Friday, July 8, 2011

The Double Cross

By now Sloan's most recent album "The Double Cross" is out so I figured I'd talk about it because it's really good and there's an off chance that one of the three people that read my blog will give it a whirl. Jill's already heard it though so I guess it will go unnoticed for the most part. Anyhoo here's my review.

Sloan has been on the scene for two decades now which is no small feat considering what happens to most groups after twenty years. They either get a little better or a lot worse. The latter is usually the case. Sloan is fortunate to be comprised of four exceptional songwriters that each bring their unique vision to their albums resulting in an even mix of tunes. Always regarded as one of those "Why aren't they bigger?" bands they're reasonably popular in their native Canada and enjoy a cult following in the U.S. Calling "The Double Cross" more of the same would be a compliment. They've had their near misses but even those have come to be highly regarded in my library. That's not the case here. It's near perfection. Here's why.

1. Follow The Leader
I heard this song early and was immediately smitten with it. It actually filled me with dread for the rest of the album since something so good is usually accompanied by crap. Not so. It's actually the perfect lead track in that it sets the tone.

2. The Answer Was You
I go nuts for Jay Ferguson and he's on top of his game with every track on this album. "Answer" is so sugary that many might dismiss it after the first listen which is unfortunate because the song is a master's course in how to wright a pop song.

3. Unkind
I give Patrick a hard time for writing habitually writing my least favorite Sloan songs. He's like their Paul McCartney in that he's penned some of their very best songs as well as some of my least favorite. This track fits in perfectly following up "Answer." Every time I listen to this song I find another little thing that I like.

4. Shadow Of Love
This is another song I wanted to hate but thanks to Beverly Terrace it takes on a whole new life. It's frantic riffs and bass runs are perfect. Easily the best use of a clap track I've heard in a long time. I think a bridge or heavy guitar solo would have ruined this song. I'm glad they showed some restraint.

5. She's Slowin' Down Again
Andrew is the whiskey of the group. Easily an acquired taste his songs ask a lot of the listener. There's an air of maturity that can be alienating but once you learn to appreciate what went into a song like this you gain a whole new appreciation for it. I hate to call this a musician's song because that's a little pompous but I think he likes to season his tracks with just enough subtle bits that those who catch them can really appreciate them more.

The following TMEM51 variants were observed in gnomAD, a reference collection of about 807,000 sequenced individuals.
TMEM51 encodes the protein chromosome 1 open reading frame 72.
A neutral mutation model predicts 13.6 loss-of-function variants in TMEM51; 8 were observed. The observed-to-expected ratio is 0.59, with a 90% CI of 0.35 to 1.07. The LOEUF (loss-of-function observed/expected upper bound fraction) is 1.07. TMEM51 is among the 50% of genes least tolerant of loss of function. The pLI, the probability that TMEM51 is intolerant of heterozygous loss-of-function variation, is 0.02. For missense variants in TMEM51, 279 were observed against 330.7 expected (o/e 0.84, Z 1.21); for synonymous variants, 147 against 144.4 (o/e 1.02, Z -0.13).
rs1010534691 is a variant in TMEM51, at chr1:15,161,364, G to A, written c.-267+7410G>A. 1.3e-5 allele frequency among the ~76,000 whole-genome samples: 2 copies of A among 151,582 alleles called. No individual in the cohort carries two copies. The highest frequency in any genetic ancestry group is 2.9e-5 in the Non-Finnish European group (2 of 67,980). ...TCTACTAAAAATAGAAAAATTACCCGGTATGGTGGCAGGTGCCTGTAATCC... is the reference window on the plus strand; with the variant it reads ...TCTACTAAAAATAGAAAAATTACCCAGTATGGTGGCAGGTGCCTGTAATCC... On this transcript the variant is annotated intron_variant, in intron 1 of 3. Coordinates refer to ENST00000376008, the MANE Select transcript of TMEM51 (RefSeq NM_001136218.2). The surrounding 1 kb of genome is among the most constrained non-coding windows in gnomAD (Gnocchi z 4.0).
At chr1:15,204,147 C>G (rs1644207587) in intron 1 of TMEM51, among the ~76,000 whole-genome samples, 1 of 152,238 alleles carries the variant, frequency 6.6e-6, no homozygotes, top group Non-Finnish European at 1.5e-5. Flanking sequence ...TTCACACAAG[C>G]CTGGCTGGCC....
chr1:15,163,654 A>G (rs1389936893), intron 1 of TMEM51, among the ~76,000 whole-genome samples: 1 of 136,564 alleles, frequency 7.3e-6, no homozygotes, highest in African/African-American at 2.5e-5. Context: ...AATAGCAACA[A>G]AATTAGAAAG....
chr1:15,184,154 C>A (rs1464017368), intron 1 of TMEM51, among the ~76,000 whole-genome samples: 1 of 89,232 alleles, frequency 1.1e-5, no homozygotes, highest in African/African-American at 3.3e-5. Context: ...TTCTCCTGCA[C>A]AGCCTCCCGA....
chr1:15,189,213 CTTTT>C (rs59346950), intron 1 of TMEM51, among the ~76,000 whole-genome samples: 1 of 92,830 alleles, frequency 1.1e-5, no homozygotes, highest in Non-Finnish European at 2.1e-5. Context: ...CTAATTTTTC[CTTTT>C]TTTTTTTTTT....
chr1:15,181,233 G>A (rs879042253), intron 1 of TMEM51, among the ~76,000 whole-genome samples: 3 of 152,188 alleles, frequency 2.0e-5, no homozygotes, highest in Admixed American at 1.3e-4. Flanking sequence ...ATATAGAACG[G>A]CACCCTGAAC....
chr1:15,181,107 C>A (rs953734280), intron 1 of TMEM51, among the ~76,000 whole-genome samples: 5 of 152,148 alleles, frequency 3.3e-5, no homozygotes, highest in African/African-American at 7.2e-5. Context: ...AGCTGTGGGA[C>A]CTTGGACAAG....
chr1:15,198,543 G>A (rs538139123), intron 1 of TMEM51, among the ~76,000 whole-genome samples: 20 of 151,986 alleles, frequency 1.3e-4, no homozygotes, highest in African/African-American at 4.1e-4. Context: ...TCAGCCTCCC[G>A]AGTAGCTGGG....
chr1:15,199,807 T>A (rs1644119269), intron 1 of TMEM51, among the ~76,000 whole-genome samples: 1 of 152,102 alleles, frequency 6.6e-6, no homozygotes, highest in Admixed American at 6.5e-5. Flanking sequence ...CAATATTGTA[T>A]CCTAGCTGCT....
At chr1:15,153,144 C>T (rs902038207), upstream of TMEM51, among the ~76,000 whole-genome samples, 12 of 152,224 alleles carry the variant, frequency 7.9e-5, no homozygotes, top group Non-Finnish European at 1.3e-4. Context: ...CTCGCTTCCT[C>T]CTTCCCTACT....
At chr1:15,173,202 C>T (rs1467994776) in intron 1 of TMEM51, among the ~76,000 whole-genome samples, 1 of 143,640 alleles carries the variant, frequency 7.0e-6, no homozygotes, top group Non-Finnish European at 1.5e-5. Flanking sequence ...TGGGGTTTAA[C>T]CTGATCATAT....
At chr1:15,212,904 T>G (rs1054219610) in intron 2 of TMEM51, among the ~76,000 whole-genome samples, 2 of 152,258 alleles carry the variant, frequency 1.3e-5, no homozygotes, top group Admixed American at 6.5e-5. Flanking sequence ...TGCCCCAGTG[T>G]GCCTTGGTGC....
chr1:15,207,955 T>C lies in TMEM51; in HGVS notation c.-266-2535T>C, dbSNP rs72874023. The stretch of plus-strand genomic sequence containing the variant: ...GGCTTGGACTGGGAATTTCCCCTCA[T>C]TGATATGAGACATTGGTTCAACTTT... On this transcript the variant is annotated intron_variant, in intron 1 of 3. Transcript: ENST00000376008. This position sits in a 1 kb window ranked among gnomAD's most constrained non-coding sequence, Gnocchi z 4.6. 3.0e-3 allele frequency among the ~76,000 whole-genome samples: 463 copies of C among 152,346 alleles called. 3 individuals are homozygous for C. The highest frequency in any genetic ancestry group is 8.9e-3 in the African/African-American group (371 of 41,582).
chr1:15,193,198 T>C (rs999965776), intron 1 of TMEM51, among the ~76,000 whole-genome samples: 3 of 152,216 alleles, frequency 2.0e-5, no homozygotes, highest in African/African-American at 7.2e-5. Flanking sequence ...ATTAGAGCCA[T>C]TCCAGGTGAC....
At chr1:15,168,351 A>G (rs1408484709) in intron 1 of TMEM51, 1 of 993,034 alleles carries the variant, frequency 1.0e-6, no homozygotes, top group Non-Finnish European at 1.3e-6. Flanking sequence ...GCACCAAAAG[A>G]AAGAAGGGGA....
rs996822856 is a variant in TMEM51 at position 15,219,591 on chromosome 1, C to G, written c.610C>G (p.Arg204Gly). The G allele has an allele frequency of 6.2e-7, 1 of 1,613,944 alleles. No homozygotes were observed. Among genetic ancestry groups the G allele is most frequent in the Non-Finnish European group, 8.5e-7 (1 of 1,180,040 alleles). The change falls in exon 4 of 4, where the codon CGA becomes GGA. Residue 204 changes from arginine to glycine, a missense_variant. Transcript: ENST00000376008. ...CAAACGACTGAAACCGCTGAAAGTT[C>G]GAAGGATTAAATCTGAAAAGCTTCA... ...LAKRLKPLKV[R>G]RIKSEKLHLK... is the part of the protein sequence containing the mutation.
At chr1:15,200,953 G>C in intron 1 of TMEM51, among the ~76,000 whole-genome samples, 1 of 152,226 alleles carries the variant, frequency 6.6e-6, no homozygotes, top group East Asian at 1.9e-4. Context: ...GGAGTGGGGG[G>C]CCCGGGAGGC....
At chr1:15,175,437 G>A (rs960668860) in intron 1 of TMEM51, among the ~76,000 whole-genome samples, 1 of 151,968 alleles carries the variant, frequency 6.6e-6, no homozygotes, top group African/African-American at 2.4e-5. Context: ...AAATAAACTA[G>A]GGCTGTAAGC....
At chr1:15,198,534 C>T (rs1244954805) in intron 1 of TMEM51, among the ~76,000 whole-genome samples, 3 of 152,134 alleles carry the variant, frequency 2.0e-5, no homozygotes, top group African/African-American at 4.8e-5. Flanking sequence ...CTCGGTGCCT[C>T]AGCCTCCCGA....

6. Green Gardens, Cold Montreal
I get stupid for songs like this. You can tell it started as an instrument heavy song that was gradually trimmed down until only the most essential pieces were left. It could have easily been A Capella and still had the same depth.

7. It's Plain To See
After "Green Gardens" grounds us we're abruptly pulled out of our seats for the first Sloan song you can actually dance to. I'm talking Kevin Bacon in "Footloose" dancing. It's less than two minutes so if you don't pay attention you're going to miss it.

8. Your Daddy Will Do
This is one of those "carrot on a stick" songs. It's very similar one of Jay's songs from "Between The Bridges" but as soon as you think you're hearing a reprise to "Don't You Believe A Word" it goes in the other direction. When the flutes give way to an ethereal organ track you realize that there's way more happening.

9 I've Gotta Know.
Originally, I wasn't sure what this song is doing on this album. It's very similar to "Shadow" which is the 4th track. Having this one 4th from the end does create a bit of a book end which almost cleanses the palate for the next track.

10. Beverly Terrace
This is easily the best song on the album. It's got sentimental value to me since I've seen almost every live, Sloan show at The Troubadour in West Hollywood which is almost adjacent to the Hotel Beverly Terrace. It's very attached to the album without getting lost in the mix. The reprise to "Shadow Of Love" is incredibly well placed making you wonder which was written first. I can't say enough good things about this song.

11. Traces
You'd miss Andrew's songs if they weren't there. Definitely not part of a group effort I'm brought back to my whiskey metaphor. The song is crafted with an emphasis on lyrics placed over an easily forgettable backing track that moves between the verses and chorus so effortlessly you'd miss it if you weren't looking for it.

12. Laying So Low
I can't think of a better way to end an album. If they were to play this live from start to finish there would be no need for an encore since this song wraps things up so well you don't want a PS on the end of it for fear of tainting what you've just listened to.

I'm not just going nuts for this because I love Sloan. It's just such a solid album that I can't help but go on and on about all the little bits I appreciate. There are caveats to it. You have to listen to it from start to finish. No skipping and no shuffling. There's never a bad time to discover Sloan. The only reason people haven't is because they've quietly done their work and succeeded without sex tapes, run-ins with the law, or the general douche-baggery that sells millions of records for other pop stars. They're like a great restaurant that not everybody knows about but those that do love and protect it.

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